Personal comorbidities and their subsequent risks for liver, gallbladder and bile duct cancers

Kari Hemminki, Kristina Sundquist, Jan Sundquist, Asta Försti, Vaclav Liska, Akseli Hemminki, Xinjun Li

Research output: Contribution to journalArticlepeer-review

2 Scopus citations


Many environmental risk factors for hepatobiliary cancers are known but whether they are associated with specific cancer types is unclear. We present here a novel approach of assessing standardized incidence ratios (SIRs) of previously diagnosed comorbidities for hepatocellular carcinoma (HCC), gallbladder cancer (GBC), cholangiocarcinoma (CCA) and ampullary cancer. The 13 comorbidities included alcohol and nonalcohol related liver disease, chronic obstructive pulmonary disease, gallstone disease, viral and other kinds of hepatitis, infection of bile ducts, hepatic and other autoimmune diseases, obesity and diabetes. Patients were identified from the Swedish Inpatient Register from 1987 to 2018, and their cancers were followed from 1997 onwards. SIRs for HCC were 80 to 100 in men and women diagnosed with hepatitis C virus and they were also >10 in patients diagnosed with hepatitis B virus, other kind of hepatitis, hepatic autoimmune disease and nonalcohol related liver disease. Many of these risks, as well as alcohol related liver disease, were either specific to HCC or were shared with intrahepatic CCA. For GBC, CCA and ampullary cancer infection of bile ducts was the main risk factor. Gallstone disease, nonhepatic autoimmune diseases and diabetes were associated with all hepatobiliary cancers. The limitations of the study include inability to cover some rare risk factors and limited follow-up time. Many of the considered comorbidities are characterized by chronic inflammation and/or overt immune disturbance in autoimmune diseases. The results suggest that local chronic inflammation and a related immune disturbance is the carcinogenic trigger for all these cancers.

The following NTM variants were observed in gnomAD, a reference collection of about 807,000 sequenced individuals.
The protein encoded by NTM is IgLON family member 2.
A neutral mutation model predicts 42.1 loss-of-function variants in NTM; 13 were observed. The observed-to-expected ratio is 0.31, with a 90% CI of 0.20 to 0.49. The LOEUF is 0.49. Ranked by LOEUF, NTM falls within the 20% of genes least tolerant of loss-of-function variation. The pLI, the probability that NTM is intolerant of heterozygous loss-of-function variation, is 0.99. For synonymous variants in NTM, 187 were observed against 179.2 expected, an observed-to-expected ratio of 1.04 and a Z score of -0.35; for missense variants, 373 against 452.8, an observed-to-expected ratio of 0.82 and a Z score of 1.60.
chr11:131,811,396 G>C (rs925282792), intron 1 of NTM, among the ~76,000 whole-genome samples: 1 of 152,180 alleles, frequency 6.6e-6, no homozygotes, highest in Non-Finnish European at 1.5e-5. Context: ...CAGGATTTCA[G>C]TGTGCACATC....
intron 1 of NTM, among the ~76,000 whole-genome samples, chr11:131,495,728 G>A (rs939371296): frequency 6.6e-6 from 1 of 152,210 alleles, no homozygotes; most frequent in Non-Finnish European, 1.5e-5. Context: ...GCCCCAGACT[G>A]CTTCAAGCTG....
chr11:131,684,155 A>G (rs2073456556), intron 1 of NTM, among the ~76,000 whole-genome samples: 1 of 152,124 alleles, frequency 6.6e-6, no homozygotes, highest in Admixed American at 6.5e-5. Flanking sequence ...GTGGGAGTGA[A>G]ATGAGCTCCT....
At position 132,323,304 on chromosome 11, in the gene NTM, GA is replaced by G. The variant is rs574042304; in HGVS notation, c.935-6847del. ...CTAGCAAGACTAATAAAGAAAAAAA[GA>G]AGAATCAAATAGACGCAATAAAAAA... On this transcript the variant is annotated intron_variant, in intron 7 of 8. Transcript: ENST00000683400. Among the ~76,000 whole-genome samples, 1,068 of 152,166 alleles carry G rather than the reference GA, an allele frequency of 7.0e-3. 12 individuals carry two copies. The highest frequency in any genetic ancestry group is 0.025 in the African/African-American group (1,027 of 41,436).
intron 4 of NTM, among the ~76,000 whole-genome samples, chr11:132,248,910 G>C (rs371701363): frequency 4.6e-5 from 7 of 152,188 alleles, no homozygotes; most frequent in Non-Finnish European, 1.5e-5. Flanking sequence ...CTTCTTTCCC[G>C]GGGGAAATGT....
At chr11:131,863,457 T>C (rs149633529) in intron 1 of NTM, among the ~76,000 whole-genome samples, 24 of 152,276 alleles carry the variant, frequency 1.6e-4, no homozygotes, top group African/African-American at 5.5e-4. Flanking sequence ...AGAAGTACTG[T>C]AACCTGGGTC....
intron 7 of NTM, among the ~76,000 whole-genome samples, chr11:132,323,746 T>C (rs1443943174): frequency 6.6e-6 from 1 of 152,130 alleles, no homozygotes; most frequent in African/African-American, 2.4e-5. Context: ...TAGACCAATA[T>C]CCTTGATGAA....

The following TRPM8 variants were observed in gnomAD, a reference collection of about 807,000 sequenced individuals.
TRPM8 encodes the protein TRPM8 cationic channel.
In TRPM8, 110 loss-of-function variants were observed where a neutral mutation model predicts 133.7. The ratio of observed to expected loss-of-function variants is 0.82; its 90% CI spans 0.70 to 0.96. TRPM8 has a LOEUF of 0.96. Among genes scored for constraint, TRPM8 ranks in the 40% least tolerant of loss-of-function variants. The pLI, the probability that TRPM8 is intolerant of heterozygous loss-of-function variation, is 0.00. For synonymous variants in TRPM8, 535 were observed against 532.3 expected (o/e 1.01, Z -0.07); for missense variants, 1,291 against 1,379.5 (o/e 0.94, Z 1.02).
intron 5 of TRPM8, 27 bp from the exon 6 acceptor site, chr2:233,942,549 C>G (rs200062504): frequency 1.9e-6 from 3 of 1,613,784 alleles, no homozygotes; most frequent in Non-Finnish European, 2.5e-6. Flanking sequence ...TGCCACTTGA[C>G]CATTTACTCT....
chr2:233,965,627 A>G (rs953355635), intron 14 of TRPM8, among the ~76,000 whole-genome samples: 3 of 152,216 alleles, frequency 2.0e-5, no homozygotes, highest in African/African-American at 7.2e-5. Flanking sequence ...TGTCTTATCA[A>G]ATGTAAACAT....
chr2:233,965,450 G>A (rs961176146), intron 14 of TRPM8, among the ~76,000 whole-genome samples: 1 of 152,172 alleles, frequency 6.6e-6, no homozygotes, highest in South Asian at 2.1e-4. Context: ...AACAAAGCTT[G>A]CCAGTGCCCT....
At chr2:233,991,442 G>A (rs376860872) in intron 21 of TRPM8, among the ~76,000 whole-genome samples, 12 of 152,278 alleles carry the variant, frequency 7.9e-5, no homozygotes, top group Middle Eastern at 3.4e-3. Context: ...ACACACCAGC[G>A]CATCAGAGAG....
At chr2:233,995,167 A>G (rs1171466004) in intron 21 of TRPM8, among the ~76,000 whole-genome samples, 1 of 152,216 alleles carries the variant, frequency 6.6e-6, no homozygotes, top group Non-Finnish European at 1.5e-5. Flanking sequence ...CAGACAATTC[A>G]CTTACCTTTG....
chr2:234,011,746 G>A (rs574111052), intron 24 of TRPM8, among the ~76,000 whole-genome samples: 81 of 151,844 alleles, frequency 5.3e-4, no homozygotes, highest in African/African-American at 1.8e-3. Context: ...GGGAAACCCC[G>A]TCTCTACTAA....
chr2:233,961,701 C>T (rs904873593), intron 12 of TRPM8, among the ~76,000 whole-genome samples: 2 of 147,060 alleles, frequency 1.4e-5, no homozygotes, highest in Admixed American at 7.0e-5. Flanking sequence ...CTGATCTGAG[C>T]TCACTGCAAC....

Original languageEnglish
Pages (from-to)1107-1114
Number of pages8
JournalInternational Journal of Cancer
Issue number6
StatePublished - 15 Mar 2023


  • alcohol
  • comorbidity
  • familial risk
  • hepatocellular carcinoma
  • risk factor
  • smoking


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